Ezra David Romero

Reporter and Producer

Ezra David Romero is an award-winning radio reporter and producer. His stories have run on Morning Edition, Morning Edition Saturday, Morning Edition Sunday, All Things Considered, Here & Now, The Salt, Latino USA, KQED, KALW, Harvest Public Radio, etc.

Romero has worked with Valley Public Radio for just under three years. He landed at KVPR after interning with Al Jazeera English during the 2012 presidential election. His series ‘Voices of the Drought’ using the hashtag #droughtvoices has garnered over 1 million impressions on Twitter, Tumblr and Instagram. It's also resulted in two photography exhibits and a touring pop-up gallery traveling across California. Stories affiliated with #droughtvoices have run locally, statewide and on national air.  In January he was awarded a Golden Mike Award from the Radio & Television News Association for Southern California for this series. He beat out some of the largest radio stations in the state.

In 2015 he was awarded a first place radio award by the Fresno County Farm Bureau for a piece on the nation’s first agricultural hackathon.

In early 2015, he was awarded two prestigious Golden Mike Awards through the RTNA of Southern California for a piece on budding tech in Central California and a story on Spanish theater. Valley Edition, the show Romero produces, was named for the best Public Affairs Program for 2013 by the RTNDA of Northern California. 

He’s a graduate of California State University Fresno, where he studied journalism (digital media) and geography. He has worked for the Fresno Bee covering police, elections, government and higher education. In 2012 he was a Gruner Award finalist for his 13-part Sanger Herald series on obesity in Sanger, Calif. 

In his spare time, Romero hikes the Sierra Nevada, takes road trips to the Pacific Coast and frequently visits ice cream shops.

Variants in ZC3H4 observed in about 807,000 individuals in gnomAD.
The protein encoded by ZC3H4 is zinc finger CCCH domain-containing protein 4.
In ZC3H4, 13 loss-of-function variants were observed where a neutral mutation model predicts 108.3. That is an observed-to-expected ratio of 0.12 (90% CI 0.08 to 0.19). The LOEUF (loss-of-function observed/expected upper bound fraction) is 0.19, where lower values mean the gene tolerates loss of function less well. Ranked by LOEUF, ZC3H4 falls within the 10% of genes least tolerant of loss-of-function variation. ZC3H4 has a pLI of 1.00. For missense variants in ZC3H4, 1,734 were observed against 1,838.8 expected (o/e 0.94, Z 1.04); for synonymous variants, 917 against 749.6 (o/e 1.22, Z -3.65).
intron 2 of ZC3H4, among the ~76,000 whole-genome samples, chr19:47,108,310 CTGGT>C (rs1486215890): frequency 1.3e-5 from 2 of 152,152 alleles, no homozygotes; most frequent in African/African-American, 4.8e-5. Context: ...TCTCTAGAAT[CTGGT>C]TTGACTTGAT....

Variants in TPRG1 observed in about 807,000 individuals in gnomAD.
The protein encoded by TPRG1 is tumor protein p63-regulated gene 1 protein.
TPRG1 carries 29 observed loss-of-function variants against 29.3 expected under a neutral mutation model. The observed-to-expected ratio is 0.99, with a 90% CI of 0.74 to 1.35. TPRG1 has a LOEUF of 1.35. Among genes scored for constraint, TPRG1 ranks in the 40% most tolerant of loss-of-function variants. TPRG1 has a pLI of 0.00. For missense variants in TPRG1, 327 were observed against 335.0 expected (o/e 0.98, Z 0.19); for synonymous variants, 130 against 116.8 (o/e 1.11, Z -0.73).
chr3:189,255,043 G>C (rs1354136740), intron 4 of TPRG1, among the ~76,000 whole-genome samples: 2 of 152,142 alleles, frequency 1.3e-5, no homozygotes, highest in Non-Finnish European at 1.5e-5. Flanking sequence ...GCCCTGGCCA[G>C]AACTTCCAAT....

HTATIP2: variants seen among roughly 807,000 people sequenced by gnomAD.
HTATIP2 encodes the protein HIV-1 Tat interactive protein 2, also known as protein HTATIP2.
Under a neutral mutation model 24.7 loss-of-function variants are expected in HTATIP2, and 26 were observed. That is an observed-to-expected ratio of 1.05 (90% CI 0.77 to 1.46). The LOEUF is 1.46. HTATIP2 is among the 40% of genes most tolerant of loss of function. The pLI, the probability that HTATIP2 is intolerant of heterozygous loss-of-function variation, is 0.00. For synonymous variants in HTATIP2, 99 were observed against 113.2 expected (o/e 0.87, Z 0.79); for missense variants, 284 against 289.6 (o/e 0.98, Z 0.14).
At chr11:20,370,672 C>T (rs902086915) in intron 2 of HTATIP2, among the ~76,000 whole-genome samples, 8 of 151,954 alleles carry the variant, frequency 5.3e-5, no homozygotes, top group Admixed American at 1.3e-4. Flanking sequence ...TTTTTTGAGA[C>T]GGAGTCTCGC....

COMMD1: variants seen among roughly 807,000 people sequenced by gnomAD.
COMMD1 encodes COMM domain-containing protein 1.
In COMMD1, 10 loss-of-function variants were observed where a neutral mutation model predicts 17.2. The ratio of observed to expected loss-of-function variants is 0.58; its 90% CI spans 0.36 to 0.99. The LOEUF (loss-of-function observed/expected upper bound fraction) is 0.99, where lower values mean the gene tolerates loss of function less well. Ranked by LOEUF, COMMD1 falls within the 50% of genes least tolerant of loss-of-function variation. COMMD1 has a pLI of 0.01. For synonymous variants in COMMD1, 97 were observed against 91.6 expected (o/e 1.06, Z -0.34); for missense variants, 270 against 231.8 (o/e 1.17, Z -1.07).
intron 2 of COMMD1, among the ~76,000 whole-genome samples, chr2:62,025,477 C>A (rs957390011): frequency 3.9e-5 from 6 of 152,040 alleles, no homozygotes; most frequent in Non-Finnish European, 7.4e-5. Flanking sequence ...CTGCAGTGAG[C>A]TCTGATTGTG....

Ways to Connect

Bakersfield Blaze Facebook

Minor League Baseball has been a tradition in Bakersfield for over 75 years. But it looks like it’s a tradition that will soon come to an end.

The California League announced Monday that the Bakersfield Blaze will be contracted – eliminated from the league at the end of the season. The move caps three decades of speculation and rumors about the fate of the team and its beleaguered home Sam Lynn Ballpark. But is minor league baseball gone for good?

Zach Ewing, sportswriter with the Bakersfield Californian, joined Valley Edition to tell us more on the topic. 


Drive north from Fresno along Highway 41 and you’ll see thousands of acres of rolling farmland. One day, those ranches, vineyards and orchards will become thousands of new homes.

It’s all part of an ambitious plan by developers and Madera County leaders to grow a major new city in the area. But building a city the size of Modesto takes a lot of materials, including things like gravel and concrete and asphalt.

Ezra David Romero / Valley Public Radio

At harvest time each year many farmworkers around the state work 16 hours a day and sometimes seven days a week. Long hours with little time to recover mean aching muscles and few hours for family. On Monday the California Senate approved a bill that hopes to change that by extending overtime rules to those who work in the fields. But as FM89’s Ezra David Romero reports the bill is also a big source of controversy.

Valley Public Radio